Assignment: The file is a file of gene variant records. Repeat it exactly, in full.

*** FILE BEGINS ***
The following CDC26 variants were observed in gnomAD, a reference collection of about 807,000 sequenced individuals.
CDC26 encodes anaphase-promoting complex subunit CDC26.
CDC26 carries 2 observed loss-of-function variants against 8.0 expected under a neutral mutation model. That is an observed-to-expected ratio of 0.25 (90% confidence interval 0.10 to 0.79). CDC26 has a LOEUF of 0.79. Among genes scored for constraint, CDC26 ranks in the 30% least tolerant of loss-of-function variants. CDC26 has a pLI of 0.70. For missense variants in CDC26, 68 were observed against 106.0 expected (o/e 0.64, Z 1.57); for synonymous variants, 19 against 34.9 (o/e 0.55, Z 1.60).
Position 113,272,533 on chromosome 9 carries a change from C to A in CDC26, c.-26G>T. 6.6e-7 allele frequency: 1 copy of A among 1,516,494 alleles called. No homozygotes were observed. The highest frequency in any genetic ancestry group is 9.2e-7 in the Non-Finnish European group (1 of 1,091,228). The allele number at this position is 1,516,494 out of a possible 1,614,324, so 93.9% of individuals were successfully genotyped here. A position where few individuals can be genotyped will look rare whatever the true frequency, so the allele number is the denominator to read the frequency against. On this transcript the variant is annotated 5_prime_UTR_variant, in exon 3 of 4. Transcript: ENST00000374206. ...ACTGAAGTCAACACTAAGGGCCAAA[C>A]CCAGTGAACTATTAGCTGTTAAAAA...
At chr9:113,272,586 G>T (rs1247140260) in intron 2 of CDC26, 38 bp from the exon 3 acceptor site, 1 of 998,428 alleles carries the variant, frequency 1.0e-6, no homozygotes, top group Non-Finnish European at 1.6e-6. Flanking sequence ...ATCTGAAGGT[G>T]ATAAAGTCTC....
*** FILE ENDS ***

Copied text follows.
The following CDC26 variants were observed in gnomAD, a reference collection of about 807,000 sequenced individuals.
CDC26 encodes anaphase-promoting complex subunit CDC26.
CDC26 carries 2 observed loss-of-function variants against 8.0 expected under a neutral mutation model. That is an observed-to-expected ratio of 0.25 (90% confidence interval 0.10 to 0.79). CDC26 has a LOEUF of 0.79. Among genes scored for constraint, CDC26 ranks in the 30% least tolerant of loss-of-function variants. CDC26 has a pLI of 0.70. For missense variants in CDC26, 68 were observed against 106.0 expected (o/e 0.64, Z 1.57); for synonymous variants, 19 against 34.9 (o/e 0.55, Z 1.60).
Position 113,272,533 on chromosome 9 carries a change from C to A in CDC26, c.-26G>T. 6.6e-7 allele frequency: 1 copy of A among 1,516,494 alleles called. No homozygotes were observed. The highest frequency in any genetic ancestry group is 9.2e-7 in the Non-Finnish European group (1 of 1,091,228). The allele number at this position is 1,516,494 out of a possible 1,614,324, so 93.9% of individuals were successfully genotyped here. A position where few individuals can be genotyped will look rare whatever the true frequency, so the allele number is the denominator to read the frequency against. On this transcript the variant is annotated 5_prime_UTR_variant, in exon 3 of 4. Transcript: ENST00000374206. ...ACTGAAGTCAACACTAAGGGCCAAA[C>A]CCAGTGAACTATTAGCTGTTAAAAA...
At chr9:113,272,586 G>T (rs1247140260) in intron 2 of CDC26, 38 bp from the exon 3 acceptor site, 1 of 998,428 alleles carries the variant, frequency 1.0e-6, no homozygotes, top group Non-Finnish European at 1.6e-6. Flanking sequence ...ATCTGAAGGT[G>T]ATAAAGTCTC....